Note: Michael Darnton's article "Tales of Topographic Arches" in American Lutherie#78 p.45 describes a much simpler graphical method of calculating side depths. I have switched to his method myself, and only include my article here in hopes that it might be of interest to luthiers who enjoy a mathematical approach. Back in AL #58 Jon Sevy published the article 'Calculating Arc Parameters', which described how to calculate the radius, length or depth of a curve. I've used these formulas extensively ever since, for radiusing fretboards, making dished workboards, calculating neck angles, and even nonlutherie shop tasks. Recently it occured to me that one could use these formulas to calculate the height of a guitar's side at any point. If the guitar has a spherically domed back, the back falls off from its highest point in an arc in every direction:
This "high point" is effectively the North Pole of the sphere from which the back arch is taken. If we assume a top whose perimeter is all in the same plane, that plane intersects a line of latitude on that sphere. The high point is therefore the point on the back which is farthest from the plane of the top perimeter. All measurements of side height are then distances between that plane and the surface of the sphere of the back arch. I adapted Jon's formula to calculate the falloff from the high point on the back to any point on the side.
F = R  SQRT(R^2  D^2) where
Adapting this formula to account for the thickness of the top and back and to yeild direct measurements of side height: H = ((B+(RSQRT(R^2P^2)))(RSQRT(R^2D^2)))(M+N)
If the body is deeper at the butt than it is at the shoulders, the high point is going to be closer to the butt than to the shoulders, typically about 3 inches in. The closer the high point is to the butt, the more the side height will taper toward the neck. I reasoned that if you knew the height of the side at the shoulder and at the butt, and knew the radius of the back, those three factors would determine where the high point would fall. However, I realized after a couple of days of headscratching that I don't have the math chops to derive the formula. A quick online search and an email put me in touch with Jon Sevy himself, who responded in just a few hours with the following formula: P = (L/2)  (E/2)sqrt((4*R^2)/(L^2 + E^2)  1)
See the sidebar for the derivation for this formula. Armed with these two formulas, I created an Excel spreadsheet to do the calculations. Here are the Excel formulas: solve for high point to butt
solve for side height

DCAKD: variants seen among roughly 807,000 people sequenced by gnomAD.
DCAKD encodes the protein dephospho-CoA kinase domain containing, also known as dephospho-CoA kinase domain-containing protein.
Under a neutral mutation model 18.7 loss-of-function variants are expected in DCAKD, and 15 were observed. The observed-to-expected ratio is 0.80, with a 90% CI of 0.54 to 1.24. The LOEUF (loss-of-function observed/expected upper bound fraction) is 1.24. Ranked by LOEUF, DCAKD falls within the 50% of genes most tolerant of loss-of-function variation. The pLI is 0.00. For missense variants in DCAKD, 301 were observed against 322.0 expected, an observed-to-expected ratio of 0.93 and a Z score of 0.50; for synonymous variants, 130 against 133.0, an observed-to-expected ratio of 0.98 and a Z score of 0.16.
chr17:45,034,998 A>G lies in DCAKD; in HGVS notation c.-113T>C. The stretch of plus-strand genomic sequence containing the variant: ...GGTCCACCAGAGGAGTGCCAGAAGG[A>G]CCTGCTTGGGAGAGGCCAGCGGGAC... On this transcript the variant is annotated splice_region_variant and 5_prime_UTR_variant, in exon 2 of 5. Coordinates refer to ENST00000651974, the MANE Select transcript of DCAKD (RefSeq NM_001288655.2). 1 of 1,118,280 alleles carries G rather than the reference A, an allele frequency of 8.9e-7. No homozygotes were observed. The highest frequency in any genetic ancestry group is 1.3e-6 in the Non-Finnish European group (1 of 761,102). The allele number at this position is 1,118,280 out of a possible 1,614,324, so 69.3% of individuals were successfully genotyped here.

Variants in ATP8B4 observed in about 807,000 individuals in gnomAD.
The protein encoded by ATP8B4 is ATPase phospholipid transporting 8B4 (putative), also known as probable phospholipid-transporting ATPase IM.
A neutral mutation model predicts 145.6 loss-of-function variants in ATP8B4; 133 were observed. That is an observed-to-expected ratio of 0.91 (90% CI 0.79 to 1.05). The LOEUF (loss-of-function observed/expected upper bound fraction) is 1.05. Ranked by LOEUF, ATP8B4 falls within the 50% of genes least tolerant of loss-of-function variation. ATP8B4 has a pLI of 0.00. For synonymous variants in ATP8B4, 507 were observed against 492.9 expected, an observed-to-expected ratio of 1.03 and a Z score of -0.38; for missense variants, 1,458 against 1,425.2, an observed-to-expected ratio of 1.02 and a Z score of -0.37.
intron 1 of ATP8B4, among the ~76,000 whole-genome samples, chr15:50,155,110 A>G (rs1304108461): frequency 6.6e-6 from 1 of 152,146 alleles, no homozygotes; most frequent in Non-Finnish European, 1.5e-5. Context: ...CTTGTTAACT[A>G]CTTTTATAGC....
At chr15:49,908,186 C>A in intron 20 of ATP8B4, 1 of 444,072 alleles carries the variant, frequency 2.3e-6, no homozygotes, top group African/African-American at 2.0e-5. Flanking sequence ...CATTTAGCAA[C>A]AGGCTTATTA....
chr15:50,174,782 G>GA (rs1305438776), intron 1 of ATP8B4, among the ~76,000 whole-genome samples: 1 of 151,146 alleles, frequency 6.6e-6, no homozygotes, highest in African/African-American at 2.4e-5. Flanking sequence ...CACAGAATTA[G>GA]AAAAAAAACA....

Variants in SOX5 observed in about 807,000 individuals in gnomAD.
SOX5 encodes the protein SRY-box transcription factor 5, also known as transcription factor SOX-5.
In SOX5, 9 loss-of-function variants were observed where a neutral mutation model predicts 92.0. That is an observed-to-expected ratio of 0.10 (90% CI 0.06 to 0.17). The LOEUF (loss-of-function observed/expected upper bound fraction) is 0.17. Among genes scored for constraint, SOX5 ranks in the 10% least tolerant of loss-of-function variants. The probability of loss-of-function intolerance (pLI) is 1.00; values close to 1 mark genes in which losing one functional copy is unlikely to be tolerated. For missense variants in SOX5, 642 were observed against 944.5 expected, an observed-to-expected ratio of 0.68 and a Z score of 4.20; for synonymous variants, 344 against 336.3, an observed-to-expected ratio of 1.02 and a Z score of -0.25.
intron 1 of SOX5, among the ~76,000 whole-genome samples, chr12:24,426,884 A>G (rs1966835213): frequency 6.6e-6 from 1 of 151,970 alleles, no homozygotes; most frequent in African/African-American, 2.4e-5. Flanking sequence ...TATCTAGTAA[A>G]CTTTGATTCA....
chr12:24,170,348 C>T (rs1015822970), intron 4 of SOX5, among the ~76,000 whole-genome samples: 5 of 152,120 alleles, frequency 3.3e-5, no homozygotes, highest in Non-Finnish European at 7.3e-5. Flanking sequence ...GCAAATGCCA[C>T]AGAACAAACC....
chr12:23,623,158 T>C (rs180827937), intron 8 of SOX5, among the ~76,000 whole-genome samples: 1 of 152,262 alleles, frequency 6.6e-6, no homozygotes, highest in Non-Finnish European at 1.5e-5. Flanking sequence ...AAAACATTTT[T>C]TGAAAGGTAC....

I first enter the "back radius", "body length", "shoulder height" and "butt height" for my guitar design. This will calculate P, the distance from the high point to the butt, in "solve for high point to butt". Then I can calculate the height of the side at any point. To do this on a new guitar design, I trace the outline of the body onto a big piece of paper, mark it off in oneinch increments all around the side, mark the calculated high point, and measure the distance from the high point to each mark:
Then I plug each measurement into "distance from high point", and the answer "solve for side height" is the height of the side at that point. I transfer these measurements to the back edge of the side at each inch increment, connect the dots, and trim to the line. "top thickness" and "back thickness" are subtracted from the measurements to give the actual side measurement. The great thing about this method is that it calculates cutaway side pieces just as easily as the main sides. I made plexiglas side templates for all my standard body body shapes, so now I just trace from the templates directly to the sides. But when I get a custom order or decide to add a new body style to my product line, I can make side templates for the new shape and know that the sides will be correctly contoured. It's important to note that you must register the sides carefully when bending them. If the various measured heights don't fall where they should on the body outline, the contour will not match the spherical section. Also, you'll need to allow for the thickness of the sides when taking the distance measurements on the tracing of the body outline. Make sure that the tracing is not larger than the actual shape of the finished body, e.g. by the thickness of the pencil lead or because of poor fit of the bent sides in the mold. Any discrepancy between the tracing of the body shape on paper and the actual outline of your bent sides can throw the contour off. If you use a very flat back arch with a large difference in the butt and shoulder heights, you will get a negative number for "solve for high point to butt". This means that the high point is actually behind the butt, off the body of the guitar, and that the angle between the back and the sides at the butt will be less than 90 degrees. Just trace your body outline on a piece of paper large enough to mark the high point behind the butt, and take your measurements from there. These formulas can be used to calculate side contours for wedgebody guitars as well (ergonomically designed guitars which are deeper on the treble side than on the bass side of the body). First, decide on the height of the side at the widest part of the lower bout on both the bass and treble edges, to create the wedge. Plug the bass edge measurement into "shoulder height" and the treble height into "butt height", and use the width of the body for "body length". The answer in "solve for high point to butt" is the distance from the treble edge to the high point, which will be offset to the treble side of center. Mark this point and draw a line through it parallel to the center line of the body. Then calculate the high point as usual, but mark it on the offset line. Now you can take all your measurements from this offset high point to calculate the side contours for your wedge body. EMail Me